Dietary Changes to Overcome Depression

Kara Bauer Health Guide
  • Although most of us get depressed at one point or another, there are many others who find themselves depressed at a chronic level in which they feel helpless to the point of seeking the advice of a psychologist or psychiatrist. Most will be prescribed therapy, antidepressants or a combination of both. However, for those in which treatment has not been effective or who would prefer a natural approach to treating depression without the side effects of psychotropic drugs (which can include an increased risk of diabetes, suicide and violent behavior), there a few key dietary changes that one can make that can be just as effective as medication in lifting and overcoming depression.

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    Up until the past few years, we have always put our trust in doctors and medication when it comes to healing. However, more and more research is being conducted that clearly points to diet as the cause of much of our chronic physical and mental distress. The typical and even health conscious diet is usually made up of processed foods lacking in nutrients, vitamins and minerals. Not only does this make us deficient in the foods that promote healthy cell functioning, especially in our brains, but it also disrupts our body’s natural balance, which can easily lead to depression.

    In 2005, there was a study conducted by McLean Hospital (affiliate of Harvard Medical School) that found that by giving rats uridine and omega 3 fatty acids they were able to produce equal results to those produced by antidepressants. This shouldn’t be surprising, as it’s long been known that societies who consume high amounts of fish (i.e. Omega 3’s) have statistically shown less prevalent rates of depression.  Omega 3’s are essential to healthy brain functioning as about a quarter of the dry weight of our brains is made up of Omega 3’s. Besides fish, omega 3’s can also be found in fish oil, flax seed, and walnuts.

    Uridine, which can be found in tomatoes, broccoli and molasses (the “waste” product from producing refined beet sugar, still containing the original nutrients), can produce rapid results in combination with omega 3’s according to researchers. One possible theory is that together they create an environment that produces favorable energy and communications among the neurons in the brain, according to Perry Renshaw, MD, PhD, and director of McLean’s Brain Imaging Center. Clearly researchers are beginning to see how improvements in diet can positively impact mood and other psychiatric conditions.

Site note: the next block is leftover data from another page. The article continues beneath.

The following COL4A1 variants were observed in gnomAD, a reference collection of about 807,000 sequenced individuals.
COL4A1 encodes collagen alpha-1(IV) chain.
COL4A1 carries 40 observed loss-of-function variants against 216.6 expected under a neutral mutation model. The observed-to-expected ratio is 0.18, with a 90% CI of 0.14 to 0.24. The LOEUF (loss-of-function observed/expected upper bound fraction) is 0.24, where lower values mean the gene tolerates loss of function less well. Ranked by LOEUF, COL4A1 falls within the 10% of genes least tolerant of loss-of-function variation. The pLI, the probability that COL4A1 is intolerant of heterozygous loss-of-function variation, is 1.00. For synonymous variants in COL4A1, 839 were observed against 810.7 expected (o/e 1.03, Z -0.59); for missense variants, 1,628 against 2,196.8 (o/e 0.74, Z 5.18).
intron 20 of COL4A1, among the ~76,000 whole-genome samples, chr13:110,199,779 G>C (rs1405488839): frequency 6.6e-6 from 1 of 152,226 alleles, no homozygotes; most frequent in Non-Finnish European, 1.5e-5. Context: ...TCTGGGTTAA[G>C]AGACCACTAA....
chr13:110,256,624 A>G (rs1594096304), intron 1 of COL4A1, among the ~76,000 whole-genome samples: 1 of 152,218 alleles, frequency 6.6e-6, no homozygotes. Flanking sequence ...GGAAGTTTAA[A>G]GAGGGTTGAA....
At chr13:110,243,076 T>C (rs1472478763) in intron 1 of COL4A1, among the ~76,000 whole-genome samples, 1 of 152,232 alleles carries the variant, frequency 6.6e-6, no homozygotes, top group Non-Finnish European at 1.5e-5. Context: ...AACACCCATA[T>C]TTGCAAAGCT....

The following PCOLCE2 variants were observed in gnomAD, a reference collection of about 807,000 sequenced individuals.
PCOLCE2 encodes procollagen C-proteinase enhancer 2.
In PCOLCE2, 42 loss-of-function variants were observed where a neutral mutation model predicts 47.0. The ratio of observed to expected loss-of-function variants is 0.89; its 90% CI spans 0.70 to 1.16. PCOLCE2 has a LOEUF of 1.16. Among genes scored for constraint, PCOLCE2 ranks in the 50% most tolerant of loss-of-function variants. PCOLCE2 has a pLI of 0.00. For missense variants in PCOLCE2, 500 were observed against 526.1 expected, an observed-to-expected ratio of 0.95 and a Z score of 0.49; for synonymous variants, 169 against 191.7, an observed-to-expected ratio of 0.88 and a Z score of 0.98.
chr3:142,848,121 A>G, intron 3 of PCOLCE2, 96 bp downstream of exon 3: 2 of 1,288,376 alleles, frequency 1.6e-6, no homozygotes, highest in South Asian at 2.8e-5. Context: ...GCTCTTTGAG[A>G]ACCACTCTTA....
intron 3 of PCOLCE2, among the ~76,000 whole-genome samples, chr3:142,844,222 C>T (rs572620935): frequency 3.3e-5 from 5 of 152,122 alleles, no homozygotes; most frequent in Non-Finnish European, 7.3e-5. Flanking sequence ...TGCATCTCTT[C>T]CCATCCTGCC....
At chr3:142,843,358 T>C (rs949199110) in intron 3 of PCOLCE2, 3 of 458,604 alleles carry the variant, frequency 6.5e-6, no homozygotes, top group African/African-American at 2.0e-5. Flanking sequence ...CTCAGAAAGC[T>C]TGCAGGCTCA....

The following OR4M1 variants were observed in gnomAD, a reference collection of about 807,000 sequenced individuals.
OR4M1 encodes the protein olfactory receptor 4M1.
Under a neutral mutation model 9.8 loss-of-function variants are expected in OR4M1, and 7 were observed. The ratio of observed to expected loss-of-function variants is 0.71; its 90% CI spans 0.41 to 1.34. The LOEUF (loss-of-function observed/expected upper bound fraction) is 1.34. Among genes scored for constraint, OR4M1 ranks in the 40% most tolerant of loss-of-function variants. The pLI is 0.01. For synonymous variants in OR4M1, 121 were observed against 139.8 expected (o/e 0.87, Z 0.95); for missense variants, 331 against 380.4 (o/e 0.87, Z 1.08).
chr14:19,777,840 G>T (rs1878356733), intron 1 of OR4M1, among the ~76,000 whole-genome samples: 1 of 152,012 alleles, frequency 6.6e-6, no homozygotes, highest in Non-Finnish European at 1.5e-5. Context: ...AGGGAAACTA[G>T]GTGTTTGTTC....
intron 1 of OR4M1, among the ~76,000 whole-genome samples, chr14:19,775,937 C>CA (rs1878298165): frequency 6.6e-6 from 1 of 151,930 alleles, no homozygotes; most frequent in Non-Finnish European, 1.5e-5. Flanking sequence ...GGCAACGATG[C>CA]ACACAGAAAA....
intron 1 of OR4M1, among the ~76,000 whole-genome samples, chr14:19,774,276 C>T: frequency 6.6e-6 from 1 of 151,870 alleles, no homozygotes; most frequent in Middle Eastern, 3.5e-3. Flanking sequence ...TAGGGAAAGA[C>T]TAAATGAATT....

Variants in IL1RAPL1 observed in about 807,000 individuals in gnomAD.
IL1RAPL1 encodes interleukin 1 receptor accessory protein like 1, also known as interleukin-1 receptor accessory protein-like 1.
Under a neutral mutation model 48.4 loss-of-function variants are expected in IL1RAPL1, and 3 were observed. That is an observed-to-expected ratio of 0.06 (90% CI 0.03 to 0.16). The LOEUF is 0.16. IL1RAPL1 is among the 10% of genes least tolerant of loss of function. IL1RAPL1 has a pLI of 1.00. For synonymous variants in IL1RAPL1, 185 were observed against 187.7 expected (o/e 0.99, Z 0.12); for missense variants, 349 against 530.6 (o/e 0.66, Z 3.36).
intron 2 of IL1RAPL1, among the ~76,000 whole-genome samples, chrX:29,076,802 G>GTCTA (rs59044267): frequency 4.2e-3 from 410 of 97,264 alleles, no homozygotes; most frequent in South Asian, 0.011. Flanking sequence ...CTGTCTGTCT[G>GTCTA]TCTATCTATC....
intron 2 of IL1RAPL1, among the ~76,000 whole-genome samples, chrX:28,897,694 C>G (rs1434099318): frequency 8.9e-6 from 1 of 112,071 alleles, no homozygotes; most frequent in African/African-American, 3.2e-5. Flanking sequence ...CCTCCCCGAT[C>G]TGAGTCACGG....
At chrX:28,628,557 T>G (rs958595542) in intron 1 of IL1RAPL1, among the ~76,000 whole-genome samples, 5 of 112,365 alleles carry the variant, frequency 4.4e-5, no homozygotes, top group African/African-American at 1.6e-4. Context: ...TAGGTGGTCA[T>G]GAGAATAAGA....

Beyond Omega 3’s and uridine, it’s also important to consume a diet low in sugar which means eliminating or greatly reducing grains, dairy products, excessive fruit consumption as well as hidden and refined sugars found in both processed and store/restaurant prepared foods. According to an article written by Dr. Joseph Mercola, those with depression have low levels of BNDF (Brain Deprived Neurotrophic Factor), an important hormone that promotes healthy brain neurons. When one consumes a diet high in sugar, inflammation causes the suppression of this hormone as well as imbalanced insulin and leptin levels, all of which can impact mental well being.

  • Despite the good news that dietary changes can be tremendously effective in overcoming depression, it is important to understand that it is still a serious condition that does require emotional support whether it be from family, friends or a certified/licensed health practitioner. Partaking in some sort of regular exercise program is also a key part of any good relief program. Studies have shown that exercise increases the levels of endorphins, serotonin and the overall number of brain cells, which can positively impact your mood and relieve stress. Additionally, according to the American Journal of Geriatric Psychiatry (Dec 2006), a study was conducted on 80 elderly patients indicating that those with low levels of Vitamin D were 11 times more likely to be depressed then those who were not deficient. Vitamin D can be obtained through regular managed sun exposure and/or supplementation.

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    As one final note, I though it would be valuable to share some even more recent findings presented at the Neuroscience conference in 2009.  A study conducted by Eva Redei (the David Lawrence Stein Professor of Psychiatry at Northwestern's Feinberg School) concluded that the original hypothesis that stress causes depression is inaccurate. Additionally, it appears that the belief that depression is caused by a “chemical” imbalance (i.e. neurotransmitters in the brain) may also be incorrect. Redei shows us that there is actually no overlap between the genes related to stress versus those related to depression and that the biochemical events that lead to depression actually start at the neuron level (as opposed to neurotransmitter activity). Both of these findings point to why antidepressants may be ineffective for so many. For me this builds an even bigger case for the importance of dietary changes that directly impact brain function as discussed above.

    Biological Psychiatry, February 15, 2005
    American Journal of Geriatric Psychiatry, December 2006

    Neuroscience Conference 2009

Published On: May 02, 2011